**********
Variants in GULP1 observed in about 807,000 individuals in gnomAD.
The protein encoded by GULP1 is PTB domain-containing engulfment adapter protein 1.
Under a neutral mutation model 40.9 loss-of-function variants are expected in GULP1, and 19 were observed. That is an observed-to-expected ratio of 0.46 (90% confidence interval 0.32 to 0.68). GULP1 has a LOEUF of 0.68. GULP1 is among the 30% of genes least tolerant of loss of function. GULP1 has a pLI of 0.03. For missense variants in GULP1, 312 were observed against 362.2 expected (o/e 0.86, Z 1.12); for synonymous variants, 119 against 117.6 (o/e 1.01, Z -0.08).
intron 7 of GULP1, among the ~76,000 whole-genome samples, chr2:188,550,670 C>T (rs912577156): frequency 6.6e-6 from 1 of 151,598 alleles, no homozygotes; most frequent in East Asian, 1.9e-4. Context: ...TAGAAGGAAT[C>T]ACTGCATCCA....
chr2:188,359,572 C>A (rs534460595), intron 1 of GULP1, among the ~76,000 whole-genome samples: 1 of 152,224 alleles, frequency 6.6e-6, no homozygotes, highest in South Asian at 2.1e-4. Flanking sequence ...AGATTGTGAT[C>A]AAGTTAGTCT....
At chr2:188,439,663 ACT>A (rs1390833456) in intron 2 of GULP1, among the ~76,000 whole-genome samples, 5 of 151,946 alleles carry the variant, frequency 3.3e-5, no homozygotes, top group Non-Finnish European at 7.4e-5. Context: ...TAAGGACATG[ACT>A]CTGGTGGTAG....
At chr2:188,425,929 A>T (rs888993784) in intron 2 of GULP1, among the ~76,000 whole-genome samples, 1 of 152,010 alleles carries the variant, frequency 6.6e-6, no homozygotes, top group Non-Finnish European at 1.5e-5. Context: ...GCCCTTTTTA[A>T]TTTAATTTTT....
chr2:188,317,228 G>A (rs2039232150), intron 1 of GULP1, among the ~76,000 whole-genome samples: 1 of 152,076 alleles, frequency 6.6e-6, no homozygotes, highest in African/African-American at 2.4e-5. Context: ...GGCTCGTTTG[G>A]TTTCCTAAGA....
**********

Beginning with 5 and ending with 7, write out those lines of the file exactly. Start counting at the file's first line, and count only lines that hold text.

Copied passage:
chr2:188,359,572 C>A (rs534460595), intron 1 of GULP1, among the ~76,000 whole-genome samples: 1 of 152,224 alleles, frequency 6.6e-6, no homozygotes, highest in South Asian at 2.1e-4. Flanking sequence ...AGATTGTGAT[C>A]AAGTTAGTCT....
At chr2:188,439,663 ACT>A (rs1390833456) in intron 2 of GULP1, among the ~76,000 whole-genome samples, 5 of 151,946 alleles carry the variant, frequency 3.3e-5, no homozygotes, top group Non-Finnish European at 7.4e-5. Context: ...TAAGGACATG[ACT>A]CTGGTGGTAG....
At chr2:188,425,929 A>T (rs888993784) in intron 2 of GULP1, among the ~76,000 whole-genome samples, 1 of 152,010 alleles carries the variant, frequency 6.6e-6, no homozygotes, top group Non-Finnish European at 1.5e-5. Context: ...GCCCTTTTTA[A>T]TTTAATTTTT....